Almenara de Adaja

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Community of Almenara de Adaja
Almenara de Adaja – Ortsansicht

Almenara de Adaja – village view
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Almenara de Adaja (Spanien)
(41° 12′ 49″ N, 4° 40′ 37″W)
Basic data
Autonomous Community: Castile LeonKastilien und León Castile and Leon
Province: Valladolid
Comarca: Tierra de Pinares
Coordinates 41° 13′ N, 4° 41′ WCoordinates 41° 13′ N, 4° 41′ W
Height: 780 msnm
Area: 17,16 km²
Residents: 22 [1 Jan. 2019][1]
Population Density: 1.28 inhabitants/km²
Zip code: 47419
Municipal Number (INE): 47008
Website: Almenara de Adaja

Almenara de Adaja is a town and municipality in Spain with 22 inhabitants (as of 1 January 2019) in the province of Valladolid in the Castile-León region.


The town of Almenara de Adaja is located in the Iberian Meseta about 53 km (driving distance) south of Valladolid or just under 32 km southeast of Medina del Campo, at an altitude of about 780 m above sea level.[2] The climate in winter is cold but rarely frosty, in summer warm to hot; the sparse rain (about 400 mm/year) falls distributed throughout the year.[3]

Population development

Year 1857 1900 1950 2000 2014
Inhabitants 209 205 26 27

The continuous population decline in the 20th century is mainly due to the mechanization of agriculture and the resulting loss of jobs.


For centuries, the inhabitants lived mainly as self-supporters from agriculture, which also included a little livestock breeding (sheep, goats, chickens) and, to a lesser extent, viticulture. Surpluses earned could hardly be sold because of the great distance to the cities.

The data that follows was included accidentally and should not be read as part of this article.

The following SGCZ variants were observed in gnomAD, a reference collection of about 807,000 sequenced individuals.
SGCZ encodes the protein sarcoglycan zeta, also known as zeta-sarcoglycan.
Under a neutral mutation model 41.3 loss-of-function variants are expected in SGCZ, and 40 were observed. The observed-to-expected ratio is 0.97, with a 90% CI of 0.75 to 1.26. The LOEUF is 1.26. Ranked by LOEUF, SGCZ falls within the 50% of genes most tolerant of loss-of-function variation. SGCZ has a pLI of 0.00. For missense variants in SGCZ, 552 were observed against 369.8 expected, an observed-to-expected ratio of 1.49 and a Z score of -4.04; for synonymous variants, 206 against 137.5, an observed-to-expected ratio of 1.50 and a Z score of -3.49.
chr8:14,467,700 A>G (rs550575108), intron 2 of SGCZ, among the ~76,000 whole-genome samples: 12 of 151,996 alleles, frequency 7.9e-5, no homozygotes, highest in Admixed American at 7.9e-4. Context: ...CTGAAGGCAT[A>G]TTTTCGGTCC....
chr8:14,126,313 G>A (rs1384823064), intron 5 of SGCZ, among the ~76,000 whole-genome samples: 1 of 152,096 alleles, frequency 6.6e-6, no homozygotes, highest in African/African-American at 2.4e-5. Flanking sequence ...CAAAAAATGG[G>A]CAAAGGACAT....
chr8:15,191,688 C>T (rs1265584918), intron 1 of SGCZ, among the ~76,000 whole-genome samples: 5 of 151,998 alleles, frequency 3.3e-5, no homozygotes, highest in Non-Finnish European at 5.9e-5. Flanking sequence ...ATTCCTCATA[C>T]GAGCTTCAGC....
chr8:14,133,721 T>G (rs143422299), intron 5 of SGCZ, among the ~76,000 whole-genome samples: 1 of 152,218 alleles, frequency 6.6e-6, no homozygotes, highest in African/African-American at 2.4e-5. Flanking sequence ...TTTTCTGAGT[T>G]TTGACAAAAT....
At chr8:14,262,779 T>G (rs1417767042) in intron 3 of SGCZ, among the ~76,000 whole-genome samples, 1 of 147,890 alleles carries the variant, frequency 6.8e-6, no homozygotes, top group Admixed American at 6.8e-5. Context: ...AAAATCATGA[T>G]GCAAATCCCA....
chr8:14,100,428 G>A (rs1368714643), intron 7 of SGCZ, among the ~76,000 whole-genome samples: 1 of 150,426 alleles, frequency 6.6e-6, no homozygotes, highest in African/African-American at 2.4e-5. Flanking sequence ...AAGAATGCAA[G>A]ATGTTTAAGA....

A Roman estate (villa rustica) was discovered and uncovered in the municipal area. In the 8th century the area was conquered by the Moors. In the 10th century, united Leonese-Castilian armies led by the Castilian Count Fernán González conquered the depopulated areas south of the Duero, but the Moorish military leader Almanzor reversed the successes at the end of the 10th century. After the final reconquest (reconquista) by Alfonso VI in the late 11th century, the almost deserted area was repopulated; the town of Almenara de Adaja belonged to the Kingdom of León. After previous attempts, León finally united with the Kingdom of Castile in 1230. The town flourished at the end of the Middle Ages and in the early modern period.

Places of interest

Pegasus(?) Mosaic

  • The single-nave Iglesia de Nuestra Señora de la Asunción is dedicated to the Assumption of Mary and was built in the 13th century in a simple Mudejar style. In the 17th century, a half-open bell storey was added to the apse. Inside the church there are several baroque altarpieces.[4]
  • In front of the entrance to the church is a stone cross.
  • The Roman villa is located about 2 km south of the village, on the border with the neighbouring municipality of Puras. Excavation work carried out at the end of the 20th century uncovered the plastered foundation walls with painting remains and several figurative and geometric mosaics of good quality. The entire complex of the villa has been reconstructed in its original size and furnished.
  • A museum was opened next to the excavation site in 2003, offering a variety of information and insights into life on a Roman estate.[5][6][7]

Web links

Commons: Almenara de Adaja– Collection of images, videos and audio files

Individual references

  1. Cifras oficiales de población resultantes de la revisión del Padrón municipal a 1 de enero. Population statistics of the Instituto Nacional de Estadística (population update)
  2. Almenara de Adaja – Map with altitude data
  3. Almenara de Adaja – Climate tables
  4. Aldeamayor de San Martín – Church of San Miguel
  5. Almenara de Adaja – Roman villa
  6. Almenara de Adaja – Roman villa
  7. Almenara de Adaja – Roman villa